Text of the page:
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Old October 1, 2010, 08:59 PM
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Default LSI SAS 9211-4i Review

LSI Internal SATA/SAS 9211-4i 6Gb/s PCI-Express 2.0 RAID Controller Card - Review



Price: $179.99 @ Newegg

Also required: 3WARE Multi Lane Internal SFF-8087 to 4X Serial ATA Breakout Cable 0.5M $17.19 @ NCIX or similar SFF-8087 breakout cable.

Overview:

The LSI SAS 9211-4i host bus adapter provides the greatest available throughput to internal server storage arrays through four internal 6Gb/s ports, driving up to 256 SAS and SATA physical devices. This HBA offers dynamic SAS functionality including dual-port drive redundancy and SATA compatibility. Utilizing one internal x4 SFF8087 Mini-SAS connector, the low-profile SAS 9211-4i is an excellent fit for 1U and 2U servers.

The SAS 9211-4i utilizes the embedded CPU in the LSISAS2008 controller to perform Integrated RAID 0, 1, 1E and 10 operations for reliable data protection with high-availability. The result is an ultra-thin, low-overhead device driver communicating over the x4 PCI Express 2.0 host interface. By reducing RAID code overhead, this HBA delivers high-speed READ/WRITE performance, making it perfect for medium to high-capacity internal storage applications.
  • SAS 6Gb/s Compliant The LSI 9211-4i features hot-pluggable, SATA-compatible SAS (Serial Attached SCSI) ports to provide 6Gb/s data transfer rates for optimum performance, efficiency, convenience and flexibility.
  • RAID Support The LSI 9211-4i supports multi-level RAID configuration including RAID 0, 1, 1E and 10 for better performance, enhanced data security and flexible capacity upgrades.
  • PCI Express 2.0 x4 Interface The LSI 9211-4i features the PCI Express 2.0 x4 interface which provides sufficient throughput and full-duplex operation for enhanced performance.
Initial Thoughts:
Well so far it's installed into my server (Windows Server 2008 R2) on a Maximus Formula (X38). Initially, it axed the Intel RAID and the motherboard was unable to boot from any of the drives attached to the ICH9R. In my scenario, I did not want to boot from the RAID card, so I had no need for the BIOS to detect it. Luckily when you go into the configuration just after POST, there's an option that lets you disable the card entirely, or enable only in OS, BIOS or both. As such, I chose the OS option which allowed me to regain my ICH9R boot support.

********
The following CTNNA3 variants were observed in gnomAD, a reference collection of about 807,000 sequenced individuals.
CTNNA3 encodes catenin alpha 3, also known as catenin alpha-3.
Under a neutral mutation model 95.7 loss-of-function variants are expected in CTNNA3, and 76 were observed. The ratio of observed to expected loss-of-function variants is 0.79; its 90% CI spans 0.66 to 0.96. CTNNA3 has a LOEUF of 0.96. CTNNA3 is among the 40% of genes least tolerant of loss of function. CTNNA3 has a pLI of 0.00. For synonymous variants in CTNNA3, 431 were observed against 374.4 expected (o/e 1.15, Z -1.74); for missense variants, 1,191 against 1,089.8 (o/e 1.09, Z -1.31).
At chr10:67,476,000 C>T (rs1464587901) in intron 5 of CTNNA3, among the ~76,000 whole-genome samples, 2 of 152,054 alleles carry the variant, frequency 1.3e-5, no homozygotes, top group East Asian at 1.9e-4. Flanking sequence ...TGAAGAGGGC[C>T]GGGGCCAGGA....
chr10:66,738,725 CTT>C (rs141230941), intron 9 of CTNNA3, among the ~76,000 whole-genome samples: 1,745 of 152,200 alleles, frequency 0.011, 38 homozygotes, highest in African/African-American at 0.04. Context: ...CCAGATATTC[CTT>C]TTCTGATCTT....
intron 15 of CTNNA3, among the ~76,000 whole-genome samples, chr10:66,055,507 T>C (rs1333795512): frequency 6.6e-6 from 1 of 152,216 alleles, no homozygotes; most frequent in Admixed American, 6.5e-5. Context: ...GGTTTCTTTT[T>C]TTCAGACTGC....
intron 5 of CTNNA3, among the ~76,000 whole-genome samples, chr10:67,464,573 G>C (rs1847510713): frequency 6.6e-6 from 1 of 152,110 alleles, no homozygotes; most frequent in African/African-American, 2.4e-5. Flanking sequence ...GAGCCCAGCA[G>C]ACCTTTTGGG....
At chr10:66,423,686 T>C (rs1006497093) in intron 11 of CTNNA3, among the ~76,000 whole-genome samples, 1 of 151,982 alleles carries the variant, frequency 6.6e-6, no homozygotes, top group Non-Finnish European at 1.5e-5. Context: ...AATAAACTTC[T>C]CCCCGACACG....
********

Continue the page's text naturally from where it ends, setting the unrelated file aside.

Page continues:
Honestly, I have no idea how much offloading this does. Looks like it means business with the heatsink on it, but who knows. At $180 I'm not expecting too much. The fact that it lacks RAID5 leads me to think that it probably doesn't do much logic. Mainly just needed the extra ports, and didn't want some piece of garbage Silicon Image controller. No harm in having SATA 6Gbps support either.

Software/Firmware:
Firmware and BIOS updating was effortless. Can do it from within Windows or DOS. Pretty much the same as flashing a motherboard BIOS. Only difference here is that the BIOS and Firmware are separate and the firmware has two editions: IR and IT. IR stands for Integrated RAID and probably the option you'd typically want. IT is for Initiator which I'm not quite sure what that's for.

On the software side, it has this MegaRAID Storage Mananger application which allows you to mange anything you could possibly want really. Create arrays, check their status, etc. A little more advanced than Intel Rapid Storage Technology of course, but still fairly simple to use.

Windows was able to find and install drivers for it automatically which is always good. Means that installing the OS onto it should be effortless. LSI does offer driver downloads as well which I decided to install.

Performance:
I'm running 2x Seagate 7200.12 1TB (CC46 firmware) and 2x Samsung F3 1TB in RAID10 on this card. Maybe not the most ideal setup, but I opted to mix the drives to lessen the chance of it all failing at once. One of each drive were bought a few months ago, with the other two bought last week.

Running 4x1TB in RAID10 results in approximately 1.8TB of usable space. It offers the best of both worlds in theory, as you basically have a RAID0 of two RAID1 arrays. It also shouldn't suffer from major slowness when in a degraded state should one drive fail compared to RAID5. And with the price of HDDs dropping rapidly, why not get 4 drives instead of 3?

After creating the RAID10 array, it then needs to initialize. This process seems to be rather time consuming and is still in progress. I started around 7PM, and it's now 12PM and I'm at 23%. During this time, the array is not visible to Windows, so you cannot start using it.

Here's some CrystalDiskMark results:



Real-world usage of copying files (mainly 700MB+ files), results in around 100MB/s write across my Gigabit network from my PC's RAID5.

Last edited by JD; October 3, 2010 at 03:58 PM.
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